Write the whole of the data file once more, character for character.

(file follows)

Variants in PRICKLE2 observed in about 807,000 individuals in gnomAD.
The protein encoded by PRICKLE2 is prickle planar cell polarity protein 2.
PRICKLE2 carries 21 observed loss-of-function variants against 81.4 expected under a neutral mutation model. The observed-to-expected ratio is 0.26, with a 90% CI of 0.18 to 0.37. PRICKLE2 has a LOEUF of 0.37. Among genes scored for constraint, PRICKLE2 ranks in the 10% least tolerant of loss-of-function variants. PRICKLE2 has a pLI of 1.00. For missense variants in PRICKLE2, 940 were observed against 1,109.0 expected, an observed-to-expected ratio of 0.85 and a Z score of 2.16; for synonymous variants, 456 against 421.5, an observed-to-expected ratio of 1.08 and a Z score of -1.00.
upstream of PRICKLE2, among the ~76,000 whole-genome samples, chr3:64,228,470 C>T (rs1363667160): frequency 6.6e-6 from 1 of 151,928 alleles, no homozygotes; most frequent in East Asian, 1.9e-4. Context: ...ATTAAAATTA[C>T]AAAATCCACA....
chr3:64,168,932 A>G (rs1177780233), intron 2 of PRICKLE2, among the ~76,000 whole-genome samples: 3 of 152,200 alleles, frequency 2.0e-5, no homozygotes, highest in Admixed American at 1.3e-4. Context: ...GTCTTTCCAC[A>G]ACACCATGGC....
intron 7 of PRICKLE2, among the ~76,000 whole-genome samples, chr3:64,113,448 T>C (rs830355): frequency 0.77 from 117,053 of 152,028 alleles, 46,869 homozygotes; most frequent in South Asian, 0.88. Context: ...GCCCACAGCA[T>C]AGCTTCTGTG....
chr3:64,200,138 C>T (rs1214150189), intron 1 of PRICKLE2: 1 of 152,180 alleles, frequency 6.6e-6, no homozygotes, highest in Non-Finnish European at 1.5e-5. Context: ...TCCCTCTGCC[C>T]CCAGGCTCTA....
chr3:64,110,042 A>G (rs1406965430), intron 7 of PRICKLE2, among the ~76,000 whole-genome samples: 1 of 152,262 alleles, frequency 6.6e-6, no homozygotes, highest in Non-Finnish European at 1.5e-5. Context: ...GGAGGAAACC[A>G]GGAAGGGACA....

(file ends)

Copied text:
Variants in PRICKLE2 observed in about 807,000 individuals in gnomAD.
The protein encoded by PRICKLE2 is prickle planar cell polarity protein 2.
PRICKLE2 carries 21 observed loss-of-function variants against 81.4 expected under a neutral mutation model. The observed-to-expected ratio is 0.26, with a 90% CI of 0.18 to 0.37. PRICKLE2 has a LOEUF of 0.37. Among genes scored for constraint, PRICKLE2 ranks in the 10% least tolerant of loss-of-function variants. PRICKLE2 has a pLI of 1.00. For missense variants in PRICKLE2, 940 were observed against 1,109.0 expected, an observed-to-expected ratio of 0.85 and a Z score of 2.16; for synonymous variants, 456 against 421.5, an observed-to-expected ratio of 1.08 and a Z score of -1.00.
upstream of PRICKLE2, among the ~76,000 whole-genome samples, chr3:64,228,470 C>T (rs1363667160): frequency 6.6e-6 from 1 of 151,928 alleles, no homozygotes; most frequent in East Asian, 1.9e-4. Context: ...ATTAAAATTA[C>T]AAAATCCACA....
chr3:64,168,932 A>G (rs1177780233), intron 2 of PRICKLE2, among the ~76,000 whole-genome samples: 3 of 152,200 alleles, frequency 2.0e-5, no homozygotes, highest in Admixed American at 1.3e-4. Context: ...GTCTTTCCAC[A>G]ACACCATGGC....
intron 7 of PRICKLE2, among the ~76,000 whole-genome samples, chr3:64,113,448 T>C (rs830355): frequency 0.77 from 117,053 of 152,028 alleles, 46,869 homozygotes; most frequent in South Asian, 0.88. Context: ...GCCCACAGCA[T>C]AGCTTCTGTG....
chr3:64,200,138 C>T (rs1214150189), intron 1 of PRICKLE2: 1 of 152,180 alleles, frequency 6.6e-6, no homozygotes, highest in Non-Finnish European at 1.5e-5. Context: ...TCCCTCTGCC[C>T]CCAGGCTCTA....
chr3:64,110,042 A>G (rs1406965430), intron 7 of PRICKLE2, among the ~76,000 whole-genome samples: 1 of 152,262 alleles, frequency 6.6e-6, no homozygotes, highest in Non-Finnish European at 1.5e-5. Context: ...GGAGGAAACC[A>G]GGAAGGGACA....